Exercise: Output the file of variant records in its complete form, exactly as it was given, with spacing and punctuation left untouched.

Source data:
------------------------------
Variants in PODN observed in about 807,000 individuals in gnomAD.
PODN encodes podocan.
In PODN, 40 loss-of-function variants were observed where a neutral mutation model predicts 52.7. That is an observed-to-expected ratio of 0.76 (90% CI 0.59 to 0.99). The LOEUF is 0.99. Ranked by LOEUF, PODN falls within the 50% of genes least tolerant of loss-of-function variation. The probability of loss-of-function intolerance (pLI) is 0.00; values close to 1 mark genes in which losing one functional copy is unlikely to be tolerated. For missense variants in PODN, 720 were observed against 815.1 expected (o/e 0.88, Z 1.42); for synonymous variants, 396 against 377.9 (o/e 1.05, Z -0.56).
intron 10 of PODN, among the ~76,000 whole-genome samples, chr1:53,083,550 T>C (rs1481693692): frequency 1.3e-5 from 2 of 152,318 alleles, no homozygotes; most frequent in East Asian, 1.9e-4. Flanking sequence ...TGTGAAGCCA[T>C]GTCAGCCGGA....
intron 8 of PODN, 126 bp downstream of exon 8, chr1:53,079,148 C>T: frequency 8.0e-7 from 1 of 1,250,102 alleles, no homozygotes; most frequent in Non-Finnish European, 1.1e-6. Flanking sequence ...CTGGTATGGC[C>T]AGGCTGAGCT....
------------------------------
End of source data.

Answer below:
Variants in PODN observed in about 807,000 individuals in gnomAD.
PODN encodes podocan.
In PODN, 40 loss-of-function variants were observed where a neutral mutation model predicts 52.7. That is an observed-to-expected ratio of 0.76 (90% CI 0.59 to 0.99). The LOEUF is 0.99. Ranked by LOEUF, PODN falls within the 50% of genes least tolerant of loss-of-function variation. The probability of loss-of-function intolerance (pLI) is 0.00; values close to 1 mark genes in which losing one functional copy is unlikely to be tolerated. For missense variants in PODN, 720 were observed against 815.1 expected (o/e 0.88, Z 1.42); for synonymous variants, 396 against 377.9 (o/e 1.05, Z -0.56).
intron 10 of PODN, among the ~76,000 whole-genome samples, chr1:53,083,550 T>C (rs1481693692): frequency 1.3e-5 from 2 of 152,318 alleles, no homozygotes; most frequent in East Asian, 1.9e-4. Flanking sequence ...TGTGAAGCCA[T>C]GTCAGCCGGA....
intron 8 of PODN, 126 bp downstream of exon 8, chr1:53,079,148 C>T: frequency 8.0e-7 from 1 of 1,250,102 alleles, no homozygotes; most frequent in Non-Finnish European, 1.1e-6. Flanking sequence ...CTGGTATGGC[C>T]AGGCTGAGCT....